Q St. is another viable candidate for a east-west bike lane through Georgetown. Like P, it connects across Rock Creek to Dupont. However, unlike P it actually connects to an existing bike lane that goes all the way to 11th St. The existing bike lane is only eastbound, but it is mirrored with a westbound bike lane on R St.

Q St. is also probably wide enough to accommodate one or two bike lanes. In fact, it is already designated by DDOT as a “bike route” even though it’s also identified as having poor biking conditions. Why not improve conditions on the road DDOT is recommending bikers use by installing bike lanes?

Like the others, Q St. also has cons. It too has north-side-of-the-street-parking on Sundays. Also, it is well north of M St.  Q St. west of Wisconsin doesn’t have cobblestones or streetcar tracks, but it doesn’t line up perfectly with Q St. on the east-side. Volta is probably a better option here too.

Pros:

  • Link to existing bike lane in Dupont
  • Wide enough
  • Already a “bike route”

Cons:

  • Sunday parking issue
  • Possibly too far north for popular use
  • Doesn’t link up perfectly across Wisconsin

Considering these issues, it isn’t terribly surprising that DDOT doesn’t appear to have more Georgetown bike lanes on its drawing board. But it should.

Maybe a direct path is not possible for Georgetown. Perhaps a more circuitous route is necessary. Say for instance that a bike lane went on P St. from Dupont until 28th and then went down to Dumbarton Ave. From there it could travel westward until Wisconsin and cut down to N St. where it would travel all the way to the university.

Either way, more bike lanes connecting Georgetown with its eastern neighbors will increase the number of people coming to Georgetown without their cars. We should be able to come up with some solution that installs these lanes with the least amount of disruption to the current traffic flow and parking situation.

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12 Comments

Filed under Bikes, Why Not

12 responses to “Why Not: Build More Bike Lanes?

  1. Matt

    I live on 34th St and I’m a cyclist. It makes no sense to paint a bike lane on a one-way, downhill street that has stop signs at every intersection. Even the most lethargic bicyclist has no problem keeping up with or exceeding the speed of traffic on 34th. It’s more dangerous to ride in a bike lane that is painted on the right side of a one-way street next to parked cars than it is to ride with traffic in the center of the lane, which is what I will continue to do.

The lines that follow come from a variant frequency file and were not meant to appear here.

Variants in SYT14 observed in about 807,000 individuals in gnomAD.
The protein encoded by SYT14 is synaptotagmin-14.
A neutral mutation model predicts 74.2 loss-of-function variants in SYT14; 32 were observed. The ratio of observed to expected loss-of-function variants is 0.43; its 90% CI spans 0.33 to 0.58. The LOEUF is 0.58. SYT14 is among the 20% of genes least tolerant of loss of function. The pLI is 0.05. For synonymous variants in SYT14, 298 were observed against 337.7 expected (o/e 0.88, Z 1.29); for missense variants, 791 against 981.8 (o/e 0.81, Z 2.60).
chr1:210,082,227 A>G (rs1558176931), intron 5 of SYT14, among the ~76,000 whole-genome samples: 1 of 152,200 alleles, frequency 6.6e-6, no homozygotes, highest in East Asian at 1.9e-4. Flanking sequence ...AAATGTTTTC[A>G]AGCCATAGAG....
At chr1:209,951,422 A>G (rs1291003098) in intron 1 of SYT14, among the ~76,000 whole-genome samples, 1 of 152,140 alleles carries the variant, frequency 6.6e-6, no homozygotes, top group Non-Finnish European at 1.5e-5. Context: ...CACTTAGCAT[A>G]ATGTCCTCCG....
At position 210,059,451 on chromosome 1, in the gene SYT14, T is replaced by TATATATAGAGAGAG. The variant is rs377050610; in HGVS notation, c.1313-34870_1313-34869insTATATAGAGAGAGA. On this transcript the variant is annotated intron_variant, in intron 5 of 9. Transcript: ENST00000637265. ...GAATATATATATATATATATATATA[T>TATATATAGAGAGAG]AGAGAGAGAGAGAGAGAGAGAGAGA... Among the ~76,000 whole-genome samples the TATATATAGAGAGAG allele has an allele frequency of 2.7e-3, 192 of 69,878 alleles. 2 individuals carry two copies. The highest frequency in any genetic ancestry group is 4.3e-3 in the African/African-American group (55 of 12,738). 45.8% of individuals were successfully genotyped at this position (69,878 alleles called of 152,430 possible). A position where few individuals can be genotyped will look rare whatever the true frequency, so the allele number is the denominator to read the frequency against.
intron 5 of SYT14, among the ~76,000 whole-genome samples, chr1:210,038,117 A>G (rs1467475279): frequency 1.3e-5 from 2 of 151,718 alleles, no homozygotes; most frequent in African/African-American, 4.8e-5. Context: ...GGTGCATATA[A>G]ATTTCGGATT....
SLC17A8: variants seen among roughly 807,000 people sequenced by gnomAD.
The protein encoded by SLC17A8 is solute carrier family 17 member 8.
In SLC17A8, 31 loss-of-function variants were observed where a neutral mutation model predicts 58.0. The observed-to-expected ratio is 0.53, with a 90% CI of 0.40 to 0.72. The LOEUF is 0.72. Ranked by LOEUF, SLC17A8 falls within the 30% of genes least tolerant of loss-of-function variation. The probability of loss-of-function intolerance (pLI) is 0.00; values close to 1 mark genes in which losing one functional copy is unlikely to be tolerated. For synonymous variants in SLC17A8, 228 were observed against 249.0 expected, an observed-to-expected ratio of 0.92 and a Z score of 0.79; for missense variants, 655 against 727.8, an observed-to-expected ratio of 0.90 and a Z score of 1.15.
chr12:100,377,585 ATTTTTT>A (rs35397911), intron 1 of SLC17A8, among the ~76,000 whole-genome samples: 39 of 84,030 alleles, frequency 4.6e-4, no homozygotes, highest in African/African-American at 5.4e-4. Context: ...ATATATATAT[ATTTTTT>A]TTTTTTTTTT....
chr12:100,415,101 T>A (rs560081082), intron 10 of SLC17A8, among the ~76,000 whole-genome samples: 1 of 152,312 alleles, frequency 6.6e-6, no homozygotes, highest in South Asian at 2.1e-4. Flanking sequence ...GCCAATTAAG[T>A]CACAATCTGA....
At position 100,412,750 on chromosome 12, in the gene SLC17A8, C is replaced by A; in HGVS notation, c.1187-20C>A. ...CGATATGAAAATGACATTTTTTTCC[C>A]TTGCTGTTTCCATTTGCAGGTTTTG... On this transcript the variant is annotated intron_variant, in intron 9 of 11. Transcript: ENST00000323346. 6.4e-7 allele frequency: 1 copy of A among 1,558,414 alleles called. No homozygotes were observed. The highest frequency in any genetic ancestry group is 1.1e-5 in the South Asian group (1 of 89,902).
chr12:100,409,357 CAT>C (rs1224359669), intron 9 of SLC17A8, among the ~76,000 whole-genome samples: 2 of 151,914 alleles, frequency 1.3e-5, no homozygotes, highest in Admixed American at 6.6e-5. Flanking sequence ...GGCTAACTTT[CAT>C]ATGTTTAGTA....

2. Ken Archer

    I completely agree. Two questions:

    (1) In your original post, you said the bike lanes would be on 33rd and 34th, not 34th and 35th. Will we have a bike lane on 33rd? (Please say yes!)

    (2) Will the walking meter enforcers in Georgetown have the authority to ticket cars that are double parked in the bike lanes?

  3. GM

    The original was correct. It’s 33rd not 35th that will get the lane (according to my notes and the DC bike Master Plan). So I’m sure that’ll make you happy.

    I don’t know about the ticketing enforcement. I would assume so, but I’m not certain. Also, there’s a difference between having the authority to, and actually doing it.

  4. Old Georgetowner

    Parking on the north side of N Street west of Wisconsin is a relatively new thing — it dates back only to the late 1980s. Why not make things as they once were and use the north side of N west of Potomac as a bike lane?

    Pros:

    Would eliminate a much too narrow passage way which frequently requires trucks to back up to the nearest intersection. (Not counting broken car mirrors …)

    Cons:

    Would reduce available parking for late night drunkards. (Take a look at the number of empty spaces at midnight and then again at 5 in the morning and you’ll see what I mean.)

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  6. I have been looking around posts to improve biking in my city too. It has been the most difficult task for me to get the political things right. Often the political things have creeped up too far for me to accomplish the bike lane improvement. Nice post geek.

  7. bike lanes are okay…

    acceptance and understanding of the cyclist’s right to the road would be better